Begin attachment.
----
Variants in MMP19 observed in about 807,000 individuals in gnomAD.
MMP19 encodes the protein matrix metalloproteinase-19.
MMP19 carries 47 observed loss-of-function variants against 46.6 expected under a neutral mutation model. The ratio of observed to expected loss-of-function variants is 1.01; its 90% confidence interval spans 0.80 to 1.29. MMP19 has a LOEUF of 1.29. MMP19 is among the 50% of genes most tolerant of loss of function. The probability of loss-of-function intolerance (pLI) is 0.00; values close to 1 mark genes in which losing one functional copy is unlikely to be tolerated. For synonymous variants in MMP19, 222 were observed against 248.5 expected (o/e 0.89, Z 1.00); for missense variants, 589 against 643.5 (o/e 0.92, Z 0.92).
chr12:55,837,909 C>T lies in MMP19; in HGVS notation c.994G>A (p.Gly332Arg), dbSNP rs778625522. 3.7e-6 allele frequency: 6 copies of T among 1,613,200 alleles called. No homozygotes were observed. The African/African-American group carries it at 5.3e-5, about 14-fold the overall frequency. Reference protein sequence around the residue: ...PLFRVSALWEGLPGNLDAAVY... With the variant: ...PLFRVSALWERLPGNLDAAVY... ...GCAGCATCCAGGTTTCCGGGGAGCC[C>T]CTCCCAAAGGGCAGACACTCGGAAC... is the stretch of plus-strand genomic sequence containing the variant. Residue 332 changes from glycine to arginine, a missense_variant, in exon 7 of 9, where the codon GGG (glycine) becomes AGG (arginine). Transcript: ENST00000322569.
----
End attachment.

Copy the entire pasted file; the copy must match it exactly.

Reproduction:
Variants in MMP19 observed in about 807,000 individuals in gnomAD.
MMP19 encodes the protein matrix metalloproteinase-19.
MMP19 carries 47 observed loss-of-function variants against 46.6 expected under a neutral mutation model. The ratio of observed to expected loss-of-function variants is 1.01; its 90% confidence interval spans 0.80 to 1.29. MMP19 has a LOEUF of 1.29. MMP19 is among the 50% of genes most tolerant of loss of function. The probability of loss-of-function intolerance (pLI) is 0.00; values close to 1 mark genes in which losing one functional copy is unlikely to be tolerated. For synonymous variants in MMP19, 222 were observed against 248.5 expected (o/e 0.89, Z 1.00); for missense variants, 589 against 643.5 (o/e 0.92, Z 0.92).
chr12:55,837,909 C>T lies in MMP19; in HGVS notation c.994G>A (p.Gly332Arg), dbSNP rs778625522. 3.7e-6 allele frequency: 6 copies of T among 1,613,200 alleles called. No homozygotes were observed. The African/African-American group carries it at 5.3e-5, about 14-fold the overall frequency. Reference protein sequence around the residue: ...PLFRVSALWEGLPGNLDAAVY... With the variant: ...PLFRVSALWERLPGNLDAAVY... ...GCAGCATCCAGGTTTCCGGGGAGCC[C>T]CTCCCAAAGGGCAGACACTCGGAAC... is the stretch of plus-strand genomic sequence containing the variant. Residue 332 changes from glycine to arginine, a missense_variant, in exon 7 of 9, where the codon GGG (glycine) becomes AGG (arginine). Transcript: ENST00000322569.